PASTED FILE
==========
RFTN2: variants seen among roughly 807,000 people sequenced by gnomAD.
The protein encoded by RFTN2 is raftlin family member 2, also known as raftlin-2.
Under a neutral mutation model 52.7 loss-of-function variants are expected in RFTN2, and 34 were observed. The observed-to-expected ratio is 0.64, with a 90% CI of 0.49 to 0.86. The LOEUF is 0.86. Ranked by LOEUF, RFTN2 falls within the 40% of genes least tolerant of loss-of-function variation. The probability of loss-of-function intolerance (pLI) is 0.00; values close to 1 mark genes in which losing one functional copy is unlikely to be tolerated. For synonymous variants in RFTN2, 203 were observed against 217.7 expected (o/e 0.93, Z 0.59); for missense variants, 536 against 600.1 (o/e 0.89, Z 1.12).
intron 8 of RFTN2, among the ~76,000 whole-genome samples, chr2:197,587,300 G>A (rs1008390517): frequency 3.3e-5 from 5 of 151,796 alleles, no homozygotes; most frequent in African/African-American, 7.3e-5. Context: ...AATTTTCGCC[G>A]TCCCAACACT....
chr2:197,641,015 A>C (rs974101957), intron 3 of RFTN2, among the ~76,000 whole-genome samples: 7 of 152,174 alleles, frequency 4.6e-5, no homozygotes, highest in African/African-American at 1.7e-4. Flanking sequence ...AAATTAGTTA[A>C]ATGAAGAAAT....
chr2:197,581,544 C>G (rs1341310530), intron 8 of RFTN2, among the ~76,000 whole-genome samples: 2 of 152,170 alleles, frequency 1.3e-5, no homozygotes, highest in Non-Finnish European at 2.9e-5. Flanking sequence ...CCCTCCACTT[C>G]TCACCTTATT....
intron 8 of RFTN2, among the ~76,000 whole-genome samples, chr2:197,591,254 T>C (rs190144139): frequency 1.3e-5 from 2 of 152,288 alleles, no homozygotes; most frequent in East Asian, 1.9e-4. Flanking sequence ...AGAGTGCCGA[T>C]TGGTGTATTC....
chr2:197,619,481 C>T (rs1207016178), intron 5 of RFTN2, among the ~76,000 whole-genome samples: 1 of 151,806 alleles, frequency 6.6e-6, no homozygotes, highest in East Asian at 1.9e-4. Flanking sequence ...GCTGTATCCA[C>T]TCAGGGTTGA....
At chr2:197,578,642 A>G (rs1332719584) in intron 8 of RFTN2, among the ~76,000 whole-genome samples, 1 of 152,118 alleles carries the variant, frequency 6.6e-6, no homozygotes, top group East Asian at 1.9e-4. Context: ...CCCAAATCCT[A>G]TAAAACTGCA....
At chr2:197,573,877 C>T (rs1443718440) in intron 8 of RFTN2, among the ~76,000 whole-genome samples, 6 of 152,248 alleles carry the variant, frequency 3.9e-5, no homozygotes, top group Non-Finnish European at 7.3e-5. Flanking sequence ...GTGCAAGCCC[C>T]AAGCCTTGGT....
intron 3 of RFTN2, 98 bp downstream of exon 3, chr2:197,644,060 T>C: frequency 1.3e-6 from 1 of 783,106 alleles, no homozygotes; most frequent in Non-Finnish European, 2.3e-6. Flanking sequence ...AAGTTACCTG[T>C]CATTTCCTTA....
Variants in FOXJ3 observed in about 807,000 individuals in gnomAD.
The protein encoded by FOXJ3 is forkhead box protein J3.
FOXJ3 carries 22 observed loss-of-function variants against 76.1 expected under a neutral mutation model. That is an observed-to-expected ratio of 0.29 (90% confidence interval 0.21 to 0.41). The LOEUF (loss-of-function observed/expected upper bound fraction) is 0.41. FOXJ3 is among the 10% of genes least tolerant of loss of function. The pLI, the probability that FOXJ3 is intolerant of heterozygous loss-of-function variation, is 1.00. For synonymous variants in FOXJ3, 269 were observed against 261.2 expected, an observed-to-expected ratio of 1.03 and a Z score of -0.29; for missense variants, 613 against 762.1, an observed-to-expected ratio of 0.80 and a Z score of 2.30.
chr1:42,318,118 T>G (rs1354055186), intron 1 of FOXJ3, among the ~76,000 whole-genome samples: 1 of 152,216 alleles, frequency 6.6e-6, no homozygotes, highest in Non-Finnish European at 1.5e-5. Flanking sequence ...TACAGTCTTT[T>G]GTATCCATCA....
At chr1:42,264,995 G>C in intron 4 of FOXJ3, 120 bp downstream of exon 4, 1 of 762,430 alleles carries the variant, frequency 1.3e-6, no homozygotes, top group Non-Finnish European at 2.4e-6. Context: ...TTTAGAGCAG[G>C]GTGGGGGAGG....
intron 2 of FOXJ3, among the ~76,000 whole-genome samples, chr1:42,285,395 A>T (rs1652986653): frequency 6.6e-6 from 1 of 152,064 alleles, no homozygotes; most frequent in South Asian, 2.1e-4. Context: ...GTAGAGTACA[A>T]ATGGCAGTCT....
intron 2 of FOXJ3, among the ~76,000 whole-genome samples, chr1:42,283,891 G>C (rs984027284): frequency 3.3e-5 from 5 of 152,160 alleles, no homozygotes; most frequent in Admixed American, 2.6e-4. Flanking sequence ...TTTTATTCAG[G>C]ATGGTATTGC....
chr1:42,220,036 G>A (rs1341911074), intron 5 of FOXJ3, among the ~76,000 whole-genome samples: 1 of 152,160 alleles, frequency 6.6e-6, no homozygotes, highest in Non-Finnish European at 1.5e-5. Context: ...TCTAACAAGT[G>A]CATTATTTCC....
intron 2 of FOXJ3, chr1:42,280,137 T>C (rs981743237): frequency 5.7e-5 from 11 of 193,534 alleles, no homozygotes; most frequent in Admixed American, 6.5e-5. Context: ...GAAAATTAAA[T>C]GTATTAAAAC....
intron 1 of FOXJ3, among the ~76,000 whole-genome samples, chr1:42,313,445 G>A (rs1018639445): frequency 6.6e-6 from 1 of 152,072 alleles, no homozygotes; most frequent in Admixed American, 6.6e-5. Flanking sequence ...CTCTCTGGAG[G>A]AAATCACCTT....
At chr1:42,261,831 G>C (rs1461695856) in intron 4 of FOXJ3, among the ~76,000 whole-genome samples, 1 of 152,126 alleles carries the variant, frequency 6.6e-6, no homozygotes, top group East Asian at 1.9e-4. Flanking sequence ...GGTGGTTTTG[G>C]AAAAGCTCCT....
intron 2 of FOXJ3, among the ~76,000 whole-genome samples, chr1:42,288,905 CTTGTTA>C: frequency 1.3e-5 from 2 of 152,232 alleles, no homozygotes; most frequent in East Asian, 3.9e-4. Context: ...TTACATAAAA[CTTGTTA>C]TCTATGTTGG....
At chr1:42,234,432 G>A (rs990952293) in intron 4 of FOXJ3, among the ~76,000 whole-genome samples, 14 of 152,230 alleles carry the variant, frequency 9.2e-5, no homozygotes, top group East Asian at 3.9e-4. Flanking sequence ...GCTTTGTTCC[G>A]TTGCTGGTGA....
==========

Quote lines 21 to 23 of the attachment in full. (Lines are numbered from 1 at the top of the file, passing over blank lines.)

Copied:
intron 1 of FOXJ3, among the ~76,000 whole-genome samples, chr1:42,313,445 G>A (rs1018639445): frequency 6.6e-6 from 1 of 152,072 alleles, no homozygotes; most frequent in Admixed American, 6.6e-5. Flanking sequence ...CTCTCTGGAG[G>A]AAATCACCTT....
At chr1:42,261,831 G>C (rs1461695856) in intron 4 of FOXJ3, among the ~76,000 whole-genome samples, 1 of 152,126 alleles carries the variant, frequency 6.6e-6, no homozygotes, top group East Asian at 1.9e-4. Flanking sequence ...GGTGGTTTTG[G>C]AAAAGCTCCT....
intron 2 of FOXJ3, among the ~76,000 whole-genome samples, chr1:42,288,905 CTTGTTA>C: frequency 1.3e-5 from 2 of 152,232 alleles, no homozygotes; most frequent in East Asian, 3.9e-4. Context: ...TTACATAAAA[CTTGTTA>C]TCTATGTTGG....